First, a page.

Jerusalem's Gilo neighborhood will expand by 1,200 housing units due to approval by a Jerusalem district zoning committee. Approval of the next step in the process came Monday after the committee reviewed public objections to the plan, the Interior Ministry announced.
The Gilo neighborhood is located close to the southern outskirts of Jerusalem, and across from an Arab village which was once a location from which terrorists used to attack the city's residents. Since the separation barrier was built, however, it has been impossible for gunfire to penetrate into the outlying neighborhoods of the Jewish capital.
The Interior Ministry's planning committee this month also approved a housing project – albeit reduced by 100 the number of permitted units (1,500) – to be built in the northern Jerusalem neighborhood of Ramat Shlomo.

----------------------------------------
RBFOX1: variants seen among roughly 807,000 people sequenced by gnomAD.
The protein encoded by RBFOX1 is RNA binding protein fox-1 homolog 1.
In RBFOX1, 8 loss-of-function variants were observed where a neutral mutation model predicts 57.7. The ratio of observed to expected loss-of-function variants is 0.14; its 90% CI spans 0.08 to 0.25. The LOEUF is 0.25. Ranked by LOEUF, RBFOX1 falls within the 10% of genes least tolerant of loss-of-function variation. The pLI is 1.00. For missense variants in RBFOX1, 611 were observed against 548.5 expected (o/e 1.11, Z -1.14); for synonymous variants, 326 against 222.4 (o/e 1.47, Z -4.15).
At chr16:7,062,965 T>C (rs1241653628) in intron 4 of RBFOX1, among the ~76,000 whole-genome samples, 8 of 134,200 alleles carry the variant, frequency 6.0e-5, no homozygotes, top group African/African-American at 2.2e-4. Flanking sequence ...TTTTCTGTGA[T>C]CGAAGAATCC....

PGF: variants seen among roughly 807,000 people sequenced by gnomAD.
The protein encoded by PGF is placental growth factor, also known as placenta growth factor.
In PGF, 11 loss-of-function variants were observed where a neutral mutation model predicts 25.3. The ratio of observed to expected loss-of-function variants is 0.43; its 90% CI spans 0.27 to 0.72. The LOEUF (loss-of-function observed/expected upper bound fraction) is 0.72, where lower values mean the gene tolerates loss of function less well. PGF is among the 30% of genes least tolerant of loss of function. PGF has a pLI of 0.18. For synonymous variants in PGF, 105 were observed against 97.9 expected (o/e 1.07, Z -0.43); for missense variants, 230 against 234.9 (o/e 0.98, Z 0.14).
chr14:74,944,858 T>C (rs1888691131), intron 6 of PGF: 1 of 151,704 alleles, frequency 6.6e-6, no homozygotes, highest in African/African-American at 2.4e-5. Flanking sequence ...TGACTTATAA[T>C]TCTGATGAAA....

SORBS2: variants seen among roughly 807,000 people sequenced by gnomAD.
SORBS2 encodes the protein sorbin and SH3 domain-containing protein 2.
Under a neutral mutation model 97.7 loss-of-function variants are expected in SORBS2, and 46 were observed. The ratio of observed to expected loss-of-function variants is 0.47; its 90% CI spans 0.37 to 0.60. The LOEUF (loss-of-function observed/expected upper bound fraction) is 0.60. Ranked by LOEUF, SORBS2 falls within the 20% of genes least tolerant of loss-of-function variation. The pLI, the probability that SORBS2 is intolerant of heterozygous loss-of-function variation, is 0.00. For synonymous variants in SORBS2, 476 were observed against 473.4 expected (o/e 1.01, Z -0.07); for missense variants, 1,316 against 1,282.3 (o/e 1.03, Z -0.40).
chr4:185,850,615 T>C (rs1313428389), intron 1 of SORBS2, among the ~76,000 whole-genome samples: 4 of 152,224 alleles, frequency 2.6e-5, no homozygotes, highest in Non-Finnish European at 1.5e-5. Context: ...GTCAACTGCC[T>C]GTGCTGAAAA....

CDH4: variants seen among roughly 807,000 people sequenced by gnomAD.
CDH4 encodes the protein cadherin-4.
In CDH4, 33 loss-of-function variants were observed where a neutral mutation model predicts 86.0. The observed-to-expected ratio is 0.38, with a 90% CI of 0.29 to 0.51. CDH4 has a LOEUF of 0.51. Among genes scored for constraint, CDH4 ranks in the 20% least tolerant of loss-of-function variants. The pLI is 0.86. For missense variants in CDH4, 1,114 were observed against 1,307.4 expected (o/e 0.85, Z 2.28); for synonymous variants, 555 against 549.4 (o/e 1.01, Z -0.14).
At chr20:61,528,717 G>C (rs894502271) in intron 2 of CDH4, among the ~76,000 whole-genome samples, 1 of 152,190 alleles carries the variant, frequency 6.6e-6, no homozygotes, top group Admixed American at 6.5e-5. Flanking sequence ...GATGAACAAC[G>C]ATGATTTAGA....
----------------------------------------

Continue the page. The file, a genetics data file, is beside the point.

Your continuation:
Reportedly Jerusalem's local planning committee also approved building permits for 2,610 housing units to be built in the southern Givat HaMatos neighborhood, near Gilo.
But according to activist Aryeh King, the report was inaccurate. King said last week the Jerusalem District Planning Committee rejected construction of 700 housing units for Jews at Givat HaMatos. A plan for building 600 housing units for Arabs in the same area, however, was approved, according to the Israel Lands Fund director, who said none of the plans are new.
Prime Minister Binyamin Netanyahu, he said, is “recycling plans from two years ago. In actual fact, no plan has been approved” either in the northern Jerusalem Ramat Shlomo neighborhood, nor in the planned controversial “E1” Mevasseret Adumim neighborhood, King said.